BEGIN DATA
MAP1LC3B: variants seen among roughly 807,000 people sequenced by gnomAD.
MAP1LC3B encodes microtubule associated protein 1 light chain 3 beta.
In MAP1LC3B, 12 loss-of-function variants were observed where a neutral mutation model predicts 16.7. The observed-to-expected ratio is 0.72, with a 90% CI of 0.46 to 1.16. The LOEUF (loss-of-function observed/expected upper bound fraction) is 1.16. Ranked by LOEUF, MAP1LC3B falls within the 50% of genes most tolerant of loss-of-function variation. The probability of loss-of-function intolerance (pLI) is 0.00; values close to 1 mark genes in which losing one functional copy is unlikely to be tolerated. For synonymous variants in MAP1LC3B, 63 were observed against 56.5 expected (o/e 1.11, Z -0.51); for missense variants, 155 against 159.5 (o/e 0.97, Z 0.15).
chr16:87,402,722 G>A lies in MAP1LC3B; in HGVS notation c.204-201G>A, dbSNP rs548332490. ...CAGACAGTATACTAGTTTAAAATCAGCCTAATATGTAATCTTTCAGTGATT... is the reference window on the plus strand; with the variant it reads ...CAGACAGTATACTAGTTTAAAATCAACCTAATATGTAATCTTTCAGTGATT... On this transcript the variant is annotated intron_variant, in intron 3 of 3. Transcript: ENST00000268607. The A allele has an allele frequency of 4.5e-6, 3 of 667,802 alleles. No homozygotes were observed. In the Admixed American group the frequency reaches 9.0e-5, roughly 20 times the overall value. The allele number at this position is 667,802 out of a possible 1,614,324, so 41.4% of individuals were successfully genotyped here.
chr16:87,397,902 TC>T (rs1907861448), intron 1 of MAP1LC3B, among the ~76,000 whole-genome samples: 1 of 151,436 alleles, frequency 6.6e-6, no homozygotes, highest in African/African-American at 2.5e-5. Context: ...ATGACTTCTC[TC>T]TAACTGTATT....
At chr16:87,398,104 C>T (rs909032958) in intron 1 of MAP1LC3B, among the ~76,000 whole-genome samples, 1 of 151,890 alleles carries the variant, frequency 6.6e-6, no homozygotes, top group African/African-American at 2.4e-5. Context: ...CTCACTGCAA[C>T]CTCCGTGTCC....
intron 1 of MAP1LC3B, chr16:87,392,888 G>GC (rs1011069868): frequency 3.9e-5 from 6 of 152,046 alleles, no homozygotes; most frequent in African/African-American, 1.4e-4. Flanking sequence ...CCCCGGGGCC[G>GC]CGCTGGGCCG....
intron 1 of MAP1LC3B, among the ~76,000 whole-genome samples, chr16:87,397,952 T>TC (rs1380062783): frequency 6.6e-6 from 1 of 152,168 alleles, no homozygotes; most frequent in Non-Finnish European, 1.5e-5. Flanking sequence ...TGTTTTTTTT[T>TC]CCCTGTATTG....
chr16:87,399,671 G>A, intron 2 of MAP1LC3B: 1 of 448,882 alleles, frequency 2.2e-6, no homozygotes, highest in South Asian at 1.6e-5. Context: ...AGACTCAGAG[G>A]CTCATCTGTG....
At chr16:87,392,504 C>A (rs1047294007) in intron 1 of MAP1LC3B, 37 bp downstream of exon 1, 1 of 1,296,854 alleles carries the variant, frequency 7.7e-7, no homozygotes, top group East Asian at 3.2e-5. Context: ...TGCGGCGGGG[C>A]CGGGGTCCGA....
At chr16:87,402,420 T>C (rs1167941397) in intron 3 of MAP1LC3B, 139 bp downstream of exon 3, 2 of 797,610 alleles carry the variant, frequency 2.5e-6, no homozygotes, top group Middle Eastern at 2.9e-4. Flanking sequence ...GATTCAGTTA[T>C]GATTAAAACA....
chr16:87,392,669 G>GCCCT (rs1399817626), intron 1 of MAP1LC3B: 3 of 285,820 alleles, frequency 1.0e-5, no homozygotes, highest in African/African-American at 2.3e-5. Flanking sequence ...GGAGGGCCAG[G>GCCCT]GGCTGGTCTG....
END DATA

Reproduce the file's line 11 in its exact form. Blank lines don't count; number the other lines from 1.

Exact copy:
At chr16:87,402,420 T>C (rs1167941397) in intron 3 of MAP1LC3B, 139 bp downstream of exon 3, 2 of 797,610 alleles carry the variant, frequency 2.5e-6, no homozygotes, top group Middle Eastern at 2.9e-4. Flanking sequence ...GATTCAGTTA[T>C]GATTAAAACA....